Born fittingly on the Fourth of July, the other family reunion day, she remains the clan's respected matriarch. Back in 1913, a man everyone called "Big Daddy" married her and they went on to have six children, who in turn bore 15 more, several of whom have had children of their own, allowing Grandmother to qualify for a "great" before her name.

Only Grandmother gives presents to everyone, and everyone gives them to her. I watched as she opened her fourth pair of bedroom slippers.

That anyone was able to bend down for their due was a bafflement, as belts creaked beneath the weight of Christams dinner, a feast of turkey, baked oysters, cranberries and dressing, sweet potato pie, squash, artichoke hearts, biscuits, cornbread, bing cherry salad, brownies, cookies and caramel cake.

Carmel cake was Grandmother's annual offering, a rich yellow poundcake drenched in sugary brown caramel, the ownership of the end pieces being the source of many a family fight. A little girl in a starched blue smock reached for the plate. "But you got to eat the end piece last year," whined her brother. She grinned and gulped it down.

In the old days, I was told, the children sat off by themselves and reveled in food fights, and butter had to be scraped off the ceiling. Even though those children are parents now, in their 30s, they still haven't graduated to the grown-ups' table, which is over-crowded with gray eminence.

"Hurry up," said Presley. Time for the slides.

We all ambled to the folding chairs. A fire crackled on the hearth. Small children jock-eyed for laps. The lights went down.

"Push it," said Presley.

Click.

An immense nurse loomed before us, a handful of toddlers clinging to her starched white skirt. "That's Errin," said Presley. "She was the one who raised your mamas and papas, aunts and uncles. She taught everyone here their manners."

Click. Click. Click.

A balding hulk of a man with a likeness to actor Donald Pleasance flashed on the screen.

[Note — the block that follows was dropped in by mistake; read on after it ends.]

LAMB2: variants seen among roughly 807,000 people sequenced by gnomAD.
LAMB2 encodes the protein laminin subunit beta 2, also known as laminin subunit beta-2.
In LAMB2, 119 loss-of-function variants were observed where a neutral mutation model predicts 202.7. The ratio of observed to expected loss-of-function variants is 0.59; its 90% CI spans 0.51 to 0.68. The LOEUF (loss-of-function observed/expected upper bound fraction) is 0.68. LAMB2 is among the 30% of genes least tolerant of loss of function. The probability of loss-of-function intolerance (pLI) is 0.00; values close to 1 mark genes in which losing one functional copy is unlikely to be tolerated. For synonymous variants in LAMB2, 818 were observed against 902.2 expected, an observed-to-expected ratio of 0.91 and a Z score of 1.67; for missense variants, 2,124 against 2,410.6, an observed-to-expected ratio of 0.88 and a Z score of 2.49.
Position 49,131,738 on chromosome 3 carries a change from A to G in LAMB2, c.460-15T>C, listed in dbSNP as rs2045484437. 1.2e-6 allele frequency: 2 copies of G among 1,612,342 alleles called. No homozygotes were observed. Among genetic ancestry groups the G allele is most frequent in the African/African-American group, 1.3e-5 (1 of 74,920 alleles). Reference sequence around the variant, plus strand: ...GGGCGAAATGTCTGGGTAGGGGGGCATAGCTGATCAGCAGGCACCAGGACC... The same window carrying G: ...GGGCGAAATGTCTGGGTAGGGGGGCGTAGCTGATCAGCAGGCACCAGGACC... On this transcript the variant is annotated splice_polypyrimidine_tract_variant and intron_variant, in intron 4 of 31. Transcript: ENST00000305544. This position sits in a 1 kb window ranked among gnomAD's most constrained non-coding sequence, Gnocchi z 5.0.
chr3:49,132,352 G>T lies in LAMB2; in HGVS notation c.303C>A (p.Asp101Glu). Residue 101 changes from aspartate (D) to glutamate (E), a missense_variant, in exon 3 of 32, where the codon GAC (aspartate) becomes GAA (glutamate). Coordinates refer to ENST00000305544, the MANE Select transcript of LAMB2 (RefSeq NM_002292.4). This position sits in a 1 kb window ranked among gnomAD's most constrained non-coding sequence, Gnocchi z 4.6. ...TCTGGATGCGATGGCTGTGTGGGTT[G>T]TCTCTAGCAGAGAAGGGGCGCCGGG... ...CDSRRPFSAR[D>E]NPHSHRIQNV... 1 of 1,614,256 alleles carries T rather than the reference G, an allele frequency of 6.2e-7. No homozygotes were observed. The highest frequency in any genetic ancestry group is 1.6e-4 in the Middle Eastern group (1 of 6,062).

"Who's that?" demanded the 11-year-old, now enthralled with his roots.

"That's your great-grandfather," said Presley, "Everyone called him 'Big Daddy.'"

"What was he like?" asked the boy.

Presley remembered him as tall and solid and proud, a man "so strong he could lift up the front end of a Cadillac as if it was light as a feather." Big Daddy wore the same fierce expression that surely scared death away for all his 77 years.

Grandmother sat in the front row and stared straight ahead at the slide of her late husband, perhaps lost in thought over her children and their children and their children's children and the horses and the Woodie they had driven about the farm.

She beamed as her progeny whirred from the projector.

Some relatives flashed on the screen with only a two-word commentary: "Push it."

"All the boys in his family got ears that stick out like Dumbo the elephant," observed the boy.

Grandmother said she felt just fine watching the family grow up in an hour. It reminded her of Sunday afternoons long ago, when her children brought their little ones over to the house. Big Daddy, she recalled, loved those Sundays, and there had been so many Sundays, so many reunions, so many relatives, so many caramel cakes, it made you wonder how a family handled it all.

And then the slides were over, and Presley flipped on the lights. And the women hugged and the men shook hands and everyone kissed Grandmother, went on briefly about the caramel cake, said goodbye and drove off into the night.

No one lingered at the door the way guests linger at the parties of strangers, lavishing an extra helping of praise they don't mean on people they never expect to see again.

For this was a close-knit consortium that practiced coming together, like clockwork, twice a year, as a family. They didn't have to linger, or say things they didn't feel like saying at the door. They all knew they would be seeing each other at the next reunion, and for a long time to come.